What is your primary goal for the next year to continue to improve antibiotic use?

Enhancing my experience with ASP on the national level, helping more hospitals implement ASP, and conducting more studies to see the impact of our aforementioned interventions. I also hope to publish the experience of ASP in Saudi Arabia and Middle East, as very few studies are published from this geographical area.

What is one pearl you have for non-ID trained pharmacists to help them be antibiotic stewards?

You are PHARMACISTS and drug experts who work to optimize efficacy and safety of medications. This applies to antimicrobial agents too! You can be great stewards like ID pharmacists, and you can do most ASP interventions such as de-escalation, optimizing duration of therapy, therapeutic drug monitoring, intravenous to oral antimicrobial conversion, etc. ID pharmacists cannot monitor all antimicrobials used—we can do a much better job with your help and drug expertise to optimize patient care and save antimicrobials!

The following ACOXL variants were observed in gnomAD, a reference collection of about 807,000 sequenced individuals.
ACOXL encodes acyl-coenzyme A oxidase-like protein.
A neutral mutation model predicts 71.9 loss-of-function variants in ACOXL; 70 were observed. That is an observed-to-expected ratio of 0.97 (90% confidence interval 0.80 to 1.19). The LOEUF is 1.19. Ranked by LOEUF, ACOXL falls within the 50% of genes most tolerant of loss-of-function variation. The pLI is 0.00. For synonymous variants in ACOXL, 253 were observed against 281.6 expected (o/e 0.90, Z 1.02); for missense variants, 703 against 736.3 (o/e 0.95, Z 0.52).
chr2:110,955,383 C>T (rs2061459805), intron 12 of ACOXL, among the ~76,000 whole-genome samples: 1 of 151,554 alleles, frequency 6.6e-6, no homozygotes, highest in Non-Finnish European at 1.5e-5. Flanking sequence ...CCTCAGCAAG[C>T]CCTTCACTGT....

Khalid Eljaaly, PharmD, BCPS, MSc

Assistant Professor, Department of Clinical Pharmacy

King Abdulaziz University, Saudi Arabia